The Hicks sisters, Sarah and Vicky, died together. Teenaged girls who adored their football, just like me, in 1989. At the inquest last week the detail emerged that Vicky wanted to be a football journalist and wrote Liverpool match reports in secret. What might they have made of their lives over the last 25 years? What experiences might they have had? What people might they have met? What lucky ones might they have loved? What everyday conversations and occasions might they have shared with their parents, their extended family, their friends? What children they might have parented themselves?
The thought extends, embraces, painfully, to all the 96. What might they have done, been and enjoyed about 25 years of life?
They only went, excitedly, to an FA Cup semi-final. Justice for the 96 is so desperately overdue.
Sympathy to all who lost on such a tragic afternoon.
I attended my first league game that season and did not fully understand what was lost until many years after.
May one day justice come true and their memory remain; but also may the joy and love of a sport they left behind continue.
Thanks Amy for those thoughts. I couldn’t go to see my team that day as someone had to stay at home to look after baby son so I was at home watching it all on TV with increasing horror. It must have been awful for the relatives who were also watching on TV with no way to communicate with their loved ones to let them know what was happening and maybe saving some of those 96. I felt so grateful that my daughter and her dad were at one of the very few grounds where there were no fences.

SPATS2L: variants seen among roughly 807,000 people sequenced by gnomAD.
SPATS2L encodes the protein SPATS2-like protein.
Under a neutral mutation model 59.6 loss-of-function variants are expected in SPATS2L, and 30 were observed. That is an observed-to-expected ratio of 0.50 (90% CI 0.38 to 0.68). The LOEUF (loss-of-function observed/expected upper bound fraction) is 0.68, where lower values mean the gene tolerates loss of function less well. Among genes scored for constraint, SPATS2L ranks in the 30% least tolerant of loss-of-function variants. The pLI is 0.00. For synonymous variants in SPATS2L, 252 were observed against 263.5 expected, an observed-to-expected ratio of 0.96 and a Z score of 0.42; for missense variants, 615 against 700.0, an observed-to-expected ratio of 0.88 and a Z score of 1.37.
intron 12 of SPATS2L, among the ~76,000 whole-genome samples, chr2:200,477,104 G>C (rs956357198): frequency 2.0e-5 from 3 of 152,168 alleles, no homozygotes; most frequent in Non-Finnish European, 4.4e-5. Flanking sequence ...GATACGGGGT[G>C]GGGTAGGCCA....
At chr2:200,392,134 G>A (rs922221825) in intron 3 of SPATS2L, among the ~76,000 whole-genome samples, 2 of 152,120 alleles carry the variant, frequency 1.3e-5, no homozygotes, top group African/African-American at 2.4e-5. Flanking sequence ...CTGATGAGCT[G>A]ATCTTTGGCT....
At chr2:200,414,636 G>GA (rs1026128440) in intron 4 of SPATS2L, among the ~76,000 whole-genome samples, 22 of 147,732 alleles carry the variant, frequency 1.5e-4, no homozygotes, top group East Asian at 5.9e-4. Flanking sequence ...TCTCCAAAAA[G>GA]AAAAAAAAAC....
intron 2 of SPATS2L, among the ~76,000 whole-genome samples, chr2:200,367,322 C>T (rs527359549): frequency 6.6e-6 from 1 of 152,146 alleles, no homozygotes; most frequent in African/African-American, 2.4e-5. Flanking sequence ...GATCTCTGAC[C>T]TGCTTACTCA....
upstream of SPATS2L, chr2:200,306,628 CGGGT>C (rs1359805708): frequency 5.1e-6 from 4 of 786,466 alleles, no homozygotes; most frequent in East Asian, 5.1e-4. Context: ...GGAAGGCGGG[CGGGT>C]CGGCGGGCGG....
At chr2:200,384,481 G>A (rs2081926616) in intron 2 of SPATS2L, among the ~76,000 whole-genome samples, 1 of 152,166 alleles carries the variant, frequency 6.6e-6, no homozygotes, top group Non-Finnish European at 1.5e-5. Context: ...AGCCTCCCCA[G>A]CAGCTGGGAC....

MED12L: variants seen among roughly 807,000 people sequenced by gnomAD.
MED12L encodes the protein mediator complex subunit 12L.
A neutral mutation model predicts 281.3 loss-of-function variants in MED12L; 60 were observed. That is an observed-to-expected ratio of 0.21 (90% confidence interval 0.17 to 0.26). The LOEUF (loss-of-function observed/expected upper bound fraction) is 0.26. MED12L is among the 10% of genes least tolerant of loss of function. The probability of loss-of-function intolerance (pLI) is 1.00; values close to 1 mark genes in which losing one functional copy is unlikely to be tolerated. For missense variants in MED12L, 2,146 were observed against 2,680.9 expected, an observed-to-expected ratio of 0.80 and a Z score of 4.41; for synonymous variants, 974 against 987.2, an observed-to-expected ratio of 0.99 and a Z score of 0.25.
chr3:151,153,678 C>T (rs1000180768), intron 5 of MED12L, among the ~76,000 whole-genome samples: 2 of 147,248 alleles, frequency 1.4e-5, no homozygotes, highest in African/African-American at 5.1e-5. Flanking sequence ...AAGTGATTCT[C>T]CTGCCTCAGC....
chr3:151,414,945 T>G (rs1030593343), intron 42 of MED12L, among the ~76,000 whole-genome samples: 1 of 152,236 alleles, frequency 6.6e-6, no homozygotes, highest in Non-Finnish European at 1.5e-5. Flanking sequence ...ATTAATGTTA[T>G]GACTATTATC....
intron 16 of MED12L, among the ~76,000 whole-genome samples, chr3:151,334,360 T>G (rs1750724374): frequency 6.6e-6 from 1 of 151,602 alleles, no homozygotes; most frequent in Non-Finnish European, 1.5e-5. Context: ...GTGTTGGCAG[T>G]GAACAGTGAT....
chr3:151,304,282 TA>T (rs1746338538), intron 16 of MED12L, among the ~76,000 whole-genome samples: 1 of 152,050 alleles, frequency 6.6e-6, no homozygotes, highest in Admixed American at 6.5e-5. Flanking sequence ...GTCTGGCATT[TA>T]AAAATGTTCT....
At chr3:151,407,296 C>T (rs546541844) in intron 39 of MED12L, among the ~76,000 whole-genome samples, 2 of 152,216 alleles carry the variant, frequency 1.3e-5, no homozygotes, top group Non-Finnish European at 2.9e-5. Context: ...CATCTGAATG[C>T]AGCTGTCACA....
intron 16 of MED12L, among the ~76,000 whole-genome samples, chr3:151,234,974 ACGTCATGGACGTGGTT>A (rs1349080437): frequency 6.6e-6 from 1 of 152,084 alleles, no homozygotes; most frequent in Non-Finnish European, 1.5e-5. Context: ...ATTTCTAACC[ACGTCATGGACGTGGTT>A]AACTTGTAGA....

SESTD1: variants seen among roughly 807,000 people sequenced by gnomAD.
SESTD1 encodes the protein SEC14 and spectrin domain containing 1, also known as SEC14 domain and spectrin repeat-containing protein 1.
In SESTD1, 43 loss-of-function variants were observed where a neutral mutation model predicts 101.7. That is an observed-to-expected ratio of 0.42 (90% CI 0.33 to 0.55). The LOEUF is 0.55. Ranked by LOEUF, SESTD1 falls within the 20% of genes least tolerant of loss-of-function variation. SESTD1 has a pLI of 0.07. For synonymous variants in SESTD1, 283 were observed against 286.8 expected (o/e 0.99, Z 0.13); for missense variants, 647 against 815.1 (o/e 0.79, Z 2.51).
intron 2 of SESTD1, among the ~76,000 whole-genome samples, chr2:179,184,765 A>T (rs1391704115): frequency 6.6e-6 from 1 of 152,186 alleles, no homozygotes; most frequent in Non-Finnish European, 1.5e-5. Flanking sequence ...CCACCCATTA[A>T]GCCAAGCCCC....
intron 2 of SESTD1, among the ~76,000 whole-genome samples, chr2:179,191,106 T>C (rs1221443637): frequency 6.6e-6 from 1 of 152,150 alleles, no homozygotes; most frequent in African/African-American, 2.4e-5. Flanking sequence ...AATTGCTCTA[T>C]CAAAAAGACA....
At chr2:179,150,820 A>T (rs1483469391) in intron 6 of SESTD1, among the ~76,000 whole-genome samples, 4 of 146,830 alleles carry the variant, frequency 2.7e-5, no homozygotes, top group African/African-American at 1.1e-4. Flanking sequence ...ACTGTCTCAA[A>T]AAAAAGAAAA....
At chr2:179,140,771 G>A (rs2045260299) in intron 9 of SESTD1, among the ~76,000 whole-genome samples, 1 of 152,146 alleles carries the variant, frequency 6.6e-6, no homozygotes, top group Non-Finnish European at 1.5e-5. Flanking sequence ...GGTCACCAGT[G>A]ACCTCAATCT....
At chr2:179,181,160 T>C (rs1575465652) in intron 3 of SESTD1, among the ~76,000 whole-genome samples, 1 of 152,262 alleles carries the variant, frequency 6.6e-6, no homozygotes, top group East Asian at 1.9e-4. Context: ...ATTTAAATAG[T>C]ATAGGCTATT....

Justice for the 96
Thank you, beautifully put, as always.
Massive thoughts have gone out from all my football friends over the past 24 hours to those lost. It’s still sad and also a catastrophe.
I do not know how pieces like this are therefore relevant. Who does it help?
Thanks for writing this. Will still be read when this weekend’s match reports are forgotten.
Beautifully written, capturing quarter of a century of change in one thought provoking piece
Thanks for that.You know we all still think about those things.We just can’t help but imagine what it must be like for those families.We can’t but help thinking what it must have been like for our own families too.We came back.They didn’t know if we would or wouldn’t.
I can still remember making phone calls when we got to the Motorway services (no mobiles in those days).Some people (friends) thinking I was lying when I said that I had been with members of their family and that they were OK and on their way home.Their sobs pleading with me to tell them what had happened to them.The News wasn’t like today’s news in those days.No live feeds from the scene.
And I reckon that there is an untold story about the families of those who survived that horrible day.Not to in any way diminish the devastation of the families of the 96.There’s hardly a day goes by when I haven’t thought about them.
But we have an expression “There but for the Grace of God….”
And it still rips me up 25 years later.
I hope the families can get some peace soon they deserve it.A day i will never forget.looked on from the north stand in 89 #JFT96. YNWA
Excellent write up, Amy.
Captures the lost of 25 years succinctly.
As you said, they were all normal people who just went for a football match.
Where’s the justice?
Beautiful piece of writing Amy, thank you.